12. Chitosan-capped gold nanoparticles for selective and colorimetric sensing of heparin

    International Nuclear Information System (INIS)

    In this contribution, novel chitosan-stabilized gold nanoparticles (AuNPs) were prepared by mixing chitosan with citrate-reductive AuNPs under appropriate conditions. The as-prepared chitosan-stabilized AuNPs were positively charged and highly stably dispersed in aqueous solution. They exhibited weak resonance light scattering (RLS) intensity and a wine red color. In addition, the chitosan-stabilized AuNPs were successfully utilized as novel sensitive probes for the detection of heparin for the first time. It was found that the addition of heparin induced a strong increase of RLS intensity for AuNPs and the color change from red to blue. The increase in RLS intensity and the color change of chitosan-stabilized AuNPs caused by heparin allowed the sensitive detection of heparin in the range of 0.2–60 μM (∼6.7 U/mL). The detection limit for heparin is 0.8 μM at a signal-to-noise ratio of 3. The present sensor for heparin detection possessed a low detection limit and wide linear range. Additionally, the proposed method was also applied to the detection of heparin in biological media with satisfactory results

  13. Chitosan-capped gold nanoparticles for selective and colorimetric sensing of heparin

    Energy Technology Data Exchange (ETDEWEB)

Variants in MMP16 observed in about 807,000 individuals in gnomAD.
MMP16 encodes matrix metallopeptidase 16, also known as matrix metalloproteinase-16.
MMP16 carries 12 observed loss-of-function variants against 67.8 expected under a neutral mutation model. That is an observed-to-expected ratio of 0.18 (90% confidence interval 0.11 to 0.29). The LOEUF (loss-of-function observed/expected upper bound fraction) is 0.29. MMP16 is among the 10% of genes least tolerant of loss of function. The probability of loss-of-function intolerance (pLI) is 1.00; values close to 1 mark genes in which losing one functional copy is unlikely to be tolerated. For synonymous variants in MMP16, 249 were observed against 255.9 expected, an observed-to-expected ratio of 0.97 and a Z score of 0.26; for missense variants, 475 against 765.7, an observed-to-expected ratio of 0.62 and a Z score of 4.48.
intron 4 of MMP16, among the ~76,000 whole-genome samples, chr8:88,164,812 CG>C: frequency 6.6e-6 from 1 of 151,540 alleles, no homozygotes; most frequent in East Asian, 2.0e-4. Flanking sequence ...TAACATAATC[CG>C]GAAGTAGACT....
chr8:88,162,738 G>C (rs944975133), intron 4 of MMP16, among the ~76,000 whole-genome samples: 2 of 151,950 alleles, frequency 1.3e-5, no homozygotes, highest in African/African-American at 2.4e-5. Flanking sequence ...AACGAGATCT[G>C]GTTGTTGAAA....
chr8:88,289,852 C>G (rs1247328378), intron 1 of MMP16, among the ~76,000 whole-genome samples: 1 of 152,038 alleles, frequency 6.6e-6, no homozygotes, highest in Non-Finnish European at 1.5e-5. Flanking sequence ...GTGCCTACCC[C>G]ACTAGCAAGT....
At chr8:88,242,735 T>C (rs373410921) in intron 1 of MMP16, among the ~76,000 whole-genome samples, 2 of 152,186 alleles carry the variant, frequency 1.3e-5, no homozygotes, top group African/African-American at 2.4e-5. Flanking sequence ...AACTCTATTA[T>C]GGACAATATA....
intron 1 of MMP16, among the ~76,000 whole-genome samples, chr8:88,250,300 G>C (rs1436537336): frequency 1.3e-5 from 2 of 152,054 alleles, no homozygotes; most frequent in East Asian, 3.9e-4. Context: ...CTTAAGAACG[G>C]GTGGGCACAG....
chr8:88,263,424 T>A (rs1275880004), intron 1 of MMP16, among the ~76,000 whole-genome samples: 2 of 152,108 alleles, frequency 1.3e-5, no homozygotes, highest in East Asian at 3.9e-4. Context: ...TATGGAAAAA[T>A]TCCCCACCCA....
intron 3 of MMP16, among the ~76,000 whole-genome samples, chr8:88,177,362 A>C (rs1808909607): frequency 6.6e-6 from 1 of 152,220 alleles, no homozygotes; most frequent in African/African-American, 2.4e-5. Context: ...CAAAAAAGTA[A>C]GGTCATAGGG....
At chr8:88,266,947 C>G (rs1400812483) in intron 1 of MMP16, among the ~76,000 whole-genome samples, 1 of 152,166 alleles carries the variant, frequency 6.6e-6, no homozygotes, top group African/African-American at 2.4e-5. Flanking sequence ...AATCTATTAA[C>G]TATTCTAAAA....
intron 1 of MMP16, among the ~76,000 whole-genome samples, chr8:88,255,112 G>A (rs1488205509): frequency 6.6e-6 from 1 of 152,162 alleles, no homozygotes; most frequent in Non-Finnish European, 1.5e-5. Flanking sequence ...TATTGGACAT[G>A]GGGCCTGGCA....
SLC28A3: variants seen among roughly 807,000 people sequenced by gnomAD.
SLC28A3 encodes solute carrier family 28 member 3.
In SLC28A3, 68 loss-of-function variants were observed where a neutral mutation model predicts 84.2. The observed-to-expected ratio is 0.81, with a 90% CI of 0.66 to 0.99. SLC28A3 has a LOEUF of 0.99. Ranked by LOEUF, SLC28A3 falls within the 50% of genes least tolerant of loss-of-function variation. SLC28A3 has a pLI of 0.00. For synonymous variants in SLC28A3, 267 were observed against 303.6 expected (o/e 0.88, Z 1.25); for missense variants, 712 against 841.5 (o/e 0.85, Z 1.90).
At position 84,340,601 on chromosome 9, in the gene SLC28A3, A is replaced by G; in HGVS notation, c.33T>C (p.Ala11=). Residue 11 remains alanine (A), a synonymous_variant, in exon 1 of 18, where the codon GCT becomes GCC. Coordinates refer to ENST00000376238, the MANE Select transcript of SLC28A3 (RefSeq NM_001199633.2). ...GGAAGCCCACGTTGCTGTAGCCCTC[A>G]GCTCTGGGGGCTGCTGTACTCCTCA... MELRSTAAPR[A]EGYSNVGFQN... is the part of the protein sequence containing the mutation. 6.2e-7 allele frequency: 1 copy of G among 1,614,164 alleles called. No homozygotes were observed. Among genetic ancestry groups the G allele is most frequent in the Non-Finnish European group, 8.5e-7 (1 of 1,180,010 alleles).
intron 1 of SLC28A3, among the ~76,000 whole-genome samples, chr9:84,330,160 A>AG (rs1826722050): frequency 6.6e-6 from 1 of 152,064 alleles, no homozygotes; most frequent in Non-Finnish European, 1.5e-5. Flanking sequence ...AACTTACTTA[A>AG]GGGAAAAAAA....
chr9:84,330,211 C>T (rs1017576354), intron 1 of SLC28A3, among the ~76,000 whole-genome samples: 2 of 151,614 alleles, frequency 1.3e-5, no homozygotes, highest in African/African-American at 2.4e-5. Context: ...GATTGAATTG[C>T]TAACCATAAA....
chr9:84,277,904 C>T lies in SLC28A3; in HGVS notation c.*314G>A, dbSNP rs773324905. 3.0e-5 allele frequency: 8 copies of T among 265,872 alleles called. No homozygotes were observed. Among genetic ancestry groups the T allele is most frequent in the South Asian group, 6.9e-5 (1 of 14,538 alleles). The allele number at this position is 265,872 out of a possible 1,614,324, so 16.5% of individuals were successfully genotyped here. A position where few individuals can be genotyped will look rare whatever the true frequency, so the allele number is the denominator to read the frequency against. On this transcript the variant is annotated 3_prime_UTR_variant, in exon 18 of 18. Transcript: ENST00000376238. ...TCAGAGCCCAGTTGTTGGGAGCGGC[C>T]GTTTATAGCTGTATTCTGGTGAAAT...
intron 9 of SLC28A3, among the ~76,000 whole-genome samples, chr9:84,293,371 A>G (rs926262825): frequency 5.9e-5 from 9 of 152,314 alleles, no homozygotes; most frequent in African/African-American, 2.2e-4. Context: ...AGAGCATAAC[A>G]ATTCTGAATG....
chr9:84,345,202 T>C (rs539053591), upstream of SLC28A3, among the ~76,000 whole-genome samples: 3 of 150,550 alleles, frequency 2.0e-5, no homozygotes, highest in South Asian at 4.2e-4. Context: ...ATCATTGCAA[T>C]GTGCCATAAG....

Chen, Zhanguang, E-mail: kqlu@stu.edu.cn; Wang, Zhen; Chen, Xi [Shantou University, Department of Chemistry (China); Xu, Haixiong [Shantou Central Hospital, Affiliated Shantou Hospital of SUN YAT-SEN University (China); Liu, Jinbin [University of Texasat Dallas, Department of Chemistry (United States)

    2013-09-15

    In this contribution, novel chitosan-stabilized gold nanoparticles (AuNPs) were prepared by mixing chitosan with citrate-reductive AuNPs under appropriate conditions. The as-prepared chitosan-stabilized AuNPs were positively charged and highly stably dispersed in aqueous solution. They exhibited weak resonance light scattering (RLS) intensity and a wine red color. In addition, the chitosan-stabilized AuNPs were successfully utilized as novel sensitive probes for the detection of heparin for the first time. It was found that the addition of heparin induced a strong increase of RLS intensity for AuNPs and the color change from red to blue. The increase in RLS intensity and the color change of chitosan-stabilized AuNPs caused by heparin allowed the sensitive detection of heparin in the range of 0.2-60 {mu}M ({approx}6.7 U/mL). The detection limit for heparin is 0.8 {mu}M at a signal-to-noise ratio of 3. The present sensor for heparin detection possessed a low detection limit and wide linear range. Additionally, the proposed method was also applied to the detection of heparin in biological media with satisfactory results.